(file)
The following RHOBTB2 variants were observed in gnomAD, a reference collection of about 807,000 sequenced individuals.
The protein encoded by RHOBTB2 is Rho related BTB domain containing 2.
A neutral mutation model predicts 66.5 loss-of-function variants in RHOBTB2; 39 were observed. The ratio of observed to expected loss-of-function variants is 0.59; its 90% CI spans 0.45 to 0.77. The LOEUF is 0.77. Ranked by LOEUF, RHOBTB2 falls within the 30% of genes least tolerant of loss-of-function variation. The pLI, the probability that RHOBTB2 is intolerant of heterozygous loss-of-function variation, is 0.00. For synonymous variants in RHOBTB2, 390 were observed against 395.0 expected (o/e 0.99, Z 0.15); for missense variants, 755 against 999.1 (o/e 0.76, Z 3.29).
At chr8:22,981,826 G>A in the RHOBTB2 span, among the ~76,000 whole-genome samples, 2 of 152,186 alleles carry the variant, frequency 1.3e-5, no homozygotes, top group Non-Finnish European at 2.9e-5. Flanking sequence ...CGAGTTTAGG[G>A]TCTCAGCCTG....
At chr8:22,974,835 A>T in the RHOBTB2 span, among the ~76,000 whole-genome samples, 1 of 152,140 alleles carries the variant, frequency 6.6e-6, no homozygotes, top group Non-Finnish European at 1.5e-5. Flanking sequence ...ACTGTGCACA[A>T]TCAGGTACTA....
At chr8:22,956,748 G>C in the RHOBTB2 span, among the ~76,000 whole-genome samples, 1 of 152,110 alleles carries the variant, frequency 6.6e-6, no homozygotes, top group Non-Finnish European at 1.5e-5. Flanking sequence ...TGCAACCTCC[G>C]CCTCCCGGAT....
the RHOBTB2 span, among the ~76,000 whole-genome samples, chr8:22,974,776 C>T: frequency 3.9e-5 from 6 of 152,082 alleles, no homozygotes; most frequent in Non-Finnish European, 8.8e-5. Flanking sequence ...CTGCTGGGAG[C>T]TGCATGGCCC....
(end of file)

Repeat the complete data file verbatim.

The following RHOBTB2 variants were observed in gnomAD, a reference collection of about 807,000 sequenced individuals.
The protein encoded by RHOBTB2 is Rho related BTB domain containing 2.
A neutral mutation model predicts 66.5 loss-of-function variants in RHOBTB2; 39 were observed. The ratio of observed to expected loss-of-function variants is 0.59; its 90% CI spans 0.45 to 0.77. The LOEUF is 0.77. Ranked by LOEUF, RHOBTB2 falls within the 30% of genes least tolerant of loss-of-function variation. The pLI, the probability that RHOBTB2 is intolerant of heterozygous loss-of-function variation, is 0.00. For synonymous variants in RHOBTB2, 390 were observed against 395.0 expected (o/e 0.99, Z 0.15); for missense variants, 755 against 999.1 (o/e 0.76, Z 3.29).
At chr8:22,981,826 G>A in the RHOBTB2 span, among the ~76,000 whole-genome samples, 2 of 152,186 alleles carry the variant, frequency 1.3e-5, no homozygotes, top group Non-Finnish European at 2.9e-5. Flanking sequence ...CGAGTTTAGG[G>A]TCTCAGCCTG....
At chr8:22,974,835 A>T in the RHOBTB2 span, among the ~76,000 whole-genome samples, 1 of 152,140 alleles carries the variant, frequency 6.6e-6, no homozygotes, top group Non-Finnish European at 1.5e-5. Flanking sequence ...ACTGTGCACA[A>T]TCAGGTACTA....
At chr8:22,956,748 G>C in the RHOBTB2 span, among the ~76,000 whole-genome samples, 1 of 152,110 alleles carries the variant, frequency 6.6e-6, no homozygotes, top group Non-Finnish European at 1.5e-5. Flanking sequence ...TGCAACCTCC[G>C]CCTCCCGGAT....
the RHOBTB2 span, among the ~76,000 whole-genome samples, chr8:22,974,776 C>T: frequency 3.9e-5 from 6 of 152,082 alleles, no homozygotes; most frequent in Non-Finnish European, 8.8e-5. Flanking sequence ...CTGCTGGGAG[C>T]TGCATGGCCC....